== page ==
Thursday, September 27, 2012

Over the Next Two Decades, Baby Boomers will Age in Place

by George Masnick
Over the next two decades, the entire baby boom generation (age 45-64 in 2010) will cross the 65+ age threshold. Baby boom homeowners have dominated housing markets for so many decades that it is easy to imagine them exercising a large influence during the next two decades as they move into their senior years. A recent report from the Bipartisan Policy Commission makes just that case, arguing that the next twenty years should see significant additions to the housing stock released by aging baby boomers because of discontinued household headship and death.

But this report fails to underscore that the vast majority of baby boom household dissolution won’t occur until after 2030. Only about 15 percent of the 46+ million units baby boomers now occupy will be turned back to the market between now and 2030, assuming cohort household dissolution rates held constant at 2000-2010 levels. This works out to about 1 million total baby boomer housing units returned to the market between 2010 and 2020, and another 6.2 million between 2020 and 2030.  For owner-occupied housing, these numbers are 165,000 during 2010-2020 and 5.2 million between 2020 and 2030.  If baby boomers are healthier and live longer than their immediate predecessors, these numbers should be even lower.

Source: Joint Center calculations of household counts in 2000 and 2010 Decennial Censuses. Assumes cohort attrition rates held constant at 2000-2010 levels.

If more than 85 percent of baby boomers will continue to occupy housing as household heads for the next two decades, can we say anything with confidence about how they will affect housing markets?  Housing analysts have mostly focused on housing adjustments that aging boomers will likely make by moving – to smaller or one-story homes (perhaps in communities that are scaled to be less automobile dependent); to retirement destinations that are warmer, have lower taxes, or are “senior oriented” in terms of services and leisure opportunities; or to locations closer to kids and grandkids. Eventually, some will find themselves moving to assisted living. While during the next two decades many boomers will do all of these things, the majority of boomers will almost certainly not do any of them.  The majority of baby boom homeowners over the next two decades will simply age in place. 

By aging in place, boomers will likely follow existing trends among older homeowners. Elderly owners are the least mobile demographic group. Less than three percent of owners age 65-74 change residences in any given year, and this fraction has been declining, while for owners age 75+, the share that moves in a given year is now about 1.5 percent.  Such low mobility rates result in elderly homeowners having increasing durations of residency in their present homes: the older the owner, the higher the proportion with long-term residency. Indeed, according to the American Housing Survey, the majority of homeowners age 65+ have lived in their homes for 20 or more years (Figure B). These patterns have changed little over the past decade.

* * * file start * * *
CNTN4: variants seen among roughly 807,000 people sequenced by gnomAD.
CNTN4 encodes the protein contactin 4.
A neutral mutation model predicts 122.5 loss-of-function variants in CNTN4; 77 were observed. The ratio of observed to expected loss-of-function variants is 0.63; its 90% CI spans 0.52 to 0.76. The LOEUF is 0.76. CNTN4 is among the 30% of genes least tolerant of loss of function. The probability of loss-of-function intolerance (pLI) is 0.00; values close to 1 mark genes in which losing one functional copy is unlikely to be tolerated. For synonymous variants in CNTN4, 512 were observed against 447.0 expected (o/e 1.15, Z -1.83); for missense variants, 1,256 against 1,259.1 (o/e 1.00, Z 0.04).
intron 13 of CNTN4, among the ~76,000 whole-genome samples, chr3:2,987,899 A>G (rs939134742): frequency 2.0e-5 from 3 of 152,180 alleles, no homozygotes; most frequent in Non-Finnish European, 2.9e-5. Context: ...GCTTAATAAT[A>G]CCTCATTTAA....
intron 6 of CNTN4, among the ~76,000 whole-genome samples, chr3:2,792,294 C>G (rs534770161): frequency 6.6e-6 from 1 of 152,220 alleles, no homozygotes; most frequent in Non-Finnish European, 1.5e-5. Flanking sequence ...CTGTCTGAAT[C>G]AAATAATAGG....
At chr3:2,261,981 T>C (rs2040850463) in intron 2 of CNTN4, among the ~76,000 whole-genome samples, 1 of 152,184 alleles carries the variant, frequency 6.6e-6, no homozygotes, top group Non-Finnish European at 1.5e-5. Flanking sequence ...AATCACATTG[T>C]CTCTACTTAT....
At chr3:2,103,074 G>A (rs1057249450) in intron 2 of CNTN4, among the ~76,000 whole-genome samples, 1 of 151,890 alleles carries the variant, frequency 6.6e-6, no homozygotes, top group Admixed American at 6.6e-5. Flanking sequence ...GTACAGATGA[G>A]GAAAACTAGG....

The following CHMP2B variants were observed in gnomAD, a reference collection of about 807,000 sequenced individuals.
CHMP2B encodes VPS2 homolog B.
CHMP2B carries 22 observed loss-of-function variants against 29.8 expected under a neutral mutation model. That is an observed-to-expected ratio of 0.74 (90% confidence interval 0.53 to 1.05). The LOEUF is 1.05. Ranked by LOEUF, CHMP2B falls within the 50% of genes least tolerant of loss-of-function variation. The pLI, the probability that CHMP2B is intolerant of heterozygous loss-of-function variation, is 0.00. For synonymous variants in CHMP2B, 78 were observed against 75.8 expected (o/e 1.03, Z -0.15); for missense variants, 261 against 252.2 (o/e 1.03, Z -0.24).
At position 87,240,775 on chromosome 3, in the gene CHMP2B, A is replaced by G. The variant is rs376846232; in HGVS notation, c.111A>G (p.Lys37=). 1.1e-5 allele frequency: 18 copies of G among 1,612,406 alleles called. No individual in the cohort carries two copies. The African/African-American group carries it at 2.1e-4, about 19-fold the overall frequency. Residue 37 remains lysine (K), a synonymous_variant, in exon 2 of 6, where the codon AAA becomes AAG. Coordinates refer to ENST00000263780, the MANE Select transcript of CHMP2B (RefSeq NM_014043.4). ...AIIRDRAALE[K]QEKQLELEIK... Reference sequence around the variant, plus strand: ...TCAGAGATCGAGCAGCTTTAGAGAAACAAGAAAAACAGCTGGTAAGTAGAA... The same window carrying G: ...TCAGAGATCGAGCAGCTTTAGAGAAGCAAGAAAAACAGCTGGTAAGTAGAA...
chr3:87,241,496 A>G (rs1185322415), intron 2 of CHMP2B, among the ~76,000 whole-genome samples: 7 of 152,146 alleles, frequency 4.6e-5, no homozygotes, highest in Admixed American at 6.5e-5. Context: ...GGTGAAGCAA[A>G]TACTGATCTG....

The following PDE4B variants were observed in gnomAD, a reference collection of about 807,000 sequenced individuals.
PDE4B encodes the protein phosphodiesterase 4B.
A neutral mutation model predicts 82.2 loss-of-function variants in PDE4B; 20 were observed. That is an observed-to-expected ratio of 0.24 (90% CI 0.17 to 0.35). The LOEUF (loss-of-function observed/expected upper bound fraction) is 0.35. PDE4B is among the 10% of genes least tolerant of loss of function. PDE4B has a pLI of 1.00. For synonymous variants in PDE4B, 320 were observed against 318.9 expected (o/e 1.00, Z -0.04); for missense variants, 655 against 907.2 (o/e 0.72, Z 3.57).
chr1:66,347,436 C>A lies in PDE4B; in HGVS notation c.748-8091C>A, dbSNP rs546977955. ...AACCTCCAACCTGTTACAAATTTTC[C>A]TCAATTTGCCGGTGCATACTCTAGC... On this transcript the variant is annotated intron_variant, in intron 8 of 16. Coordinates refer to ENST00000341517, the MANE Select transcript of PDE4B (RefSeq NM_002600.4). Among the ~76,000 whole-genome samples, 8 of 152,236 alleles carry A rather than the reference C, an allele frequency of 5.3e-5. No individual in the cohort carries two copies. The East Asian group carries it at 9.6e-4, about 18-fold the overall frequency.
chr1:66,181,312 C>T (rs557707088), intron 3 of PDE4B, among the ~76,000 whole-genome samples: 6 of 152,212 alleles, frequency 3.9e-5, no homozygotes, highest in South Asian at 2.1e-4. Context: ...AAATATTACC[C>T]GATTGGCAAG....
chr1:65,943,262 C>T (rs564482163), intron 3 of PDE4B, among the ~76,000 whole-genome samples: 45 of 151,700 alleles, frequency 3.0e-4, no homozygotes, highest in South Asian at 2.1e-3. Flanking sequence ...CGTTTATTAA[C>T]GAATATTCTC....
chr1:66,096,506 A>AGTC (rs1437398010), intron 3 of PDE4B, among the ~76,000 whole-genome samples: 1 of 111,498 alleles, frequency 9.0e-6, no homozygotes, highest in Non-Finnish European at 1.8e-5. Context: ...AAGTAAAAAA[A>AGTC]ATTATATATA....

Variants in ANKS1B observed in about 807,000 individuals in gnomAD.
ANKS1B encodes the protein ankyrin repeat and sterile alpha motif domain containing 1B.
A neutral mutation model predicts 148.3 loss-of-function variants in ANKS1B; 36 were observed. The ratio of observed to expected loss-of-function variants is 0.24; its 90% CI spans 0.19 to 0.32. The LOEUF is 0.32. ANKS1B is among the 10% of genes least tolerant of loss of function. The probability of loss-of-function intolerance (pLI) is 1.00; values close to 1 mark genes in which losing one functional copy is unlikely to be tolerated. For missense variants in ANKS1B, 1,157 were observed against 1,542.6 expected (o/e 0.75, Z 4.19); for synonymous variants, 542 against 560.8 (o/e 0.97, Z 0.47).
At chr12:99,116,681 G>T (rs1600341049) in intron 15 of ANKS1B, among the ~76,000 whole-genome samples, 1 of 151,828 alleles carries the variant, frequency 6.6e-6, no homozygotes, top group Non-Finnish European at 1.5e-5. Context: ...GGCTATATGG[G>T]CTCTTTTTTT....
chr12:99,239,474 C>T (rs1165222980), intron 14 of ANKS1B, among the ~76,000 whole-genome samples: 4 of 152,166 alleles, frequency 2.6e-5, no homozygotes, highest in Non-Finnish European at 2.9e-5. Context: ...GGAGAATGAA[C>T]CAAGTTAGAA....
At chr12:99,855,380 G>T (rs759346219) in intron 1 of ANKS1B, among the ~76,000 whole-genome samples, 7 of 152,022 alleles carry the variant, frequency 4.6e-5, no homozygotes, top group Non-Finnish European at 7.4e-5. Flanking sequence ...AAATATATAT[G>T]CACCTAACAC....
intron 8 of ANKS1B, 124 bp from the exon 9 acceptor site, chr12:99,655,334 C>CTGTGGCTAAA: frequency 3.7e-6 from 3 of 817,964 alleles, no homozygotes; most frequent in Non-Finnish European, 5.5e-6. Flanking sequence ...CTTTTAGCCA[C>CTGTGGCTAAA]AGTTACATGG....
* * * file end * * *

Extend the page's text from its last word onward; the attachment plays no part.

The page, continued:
Source: Joint Center tabulations of 1999, 2003, 2005 and 2009 American Housing Surveys.  The 2004 data are averages of 2003 and 2005.

Aging in place does not necessarily mean that housing adjustments fail to take place.  Renovation and remodeling activity will allow those aging in place to repair, modernize, and reconfigure their homes.  Some of this remodeling activity will take place before age 65 to prepare the home for aging in place.  The 50s and early 60s are an ideal time to undertake major remodeling projects – the kids have fledged the nest and the still-employed parents have some additional disposable income.  Past trends suggest that while there is some fall-off in total remodeling spending after owners turn age 65, elderly owners will remain fairly active in spending on renovation and repair (Figure C).  More detail about aging in place and remodeling activity is the subject of a forthcoming Joint Center working paper.

Source: Joint Center tabulation of 2009 American Housing Survey.


  1. The "aging in place" story may be even more pronounced then these projections suggest.

    If the experience of my family is any guide, younger homebuyers in their 30's and 40's may be looking towards their 80's when they buy.

    The next house that my wife and I purchase will have the following attributes:

    - Somewhere walkable to services, for the day when we don't want to kill someone by driving.

    - A bedroom on the first floor....and no stairs.

    - Bathrooms and kitchens that are accessible.

    We see housing as our place to live, not an investment, and we see how illiquid housing can be. Health emergencies tend to come much faster than the ability to sell.....

    The motto for baby bust homebuyers may be "think old"......and once we get our old folks ready home (even if those years are not until 2040) we are staying put.

    1. Being able to "think old" and buy a home you plan to still live in 30 years later means that you have (a) stable employment that won't require you to move and (b) geographically proximate family (or no desire to move closer to family).

      Hopefully neither of these issues will be a problem for you...and an advantage of having a fully accessible house is that you could easily accommodate aging parents! But I'd be interested to see more information on how these factors could impact the ability for the baby busters to have this kind of housing stability.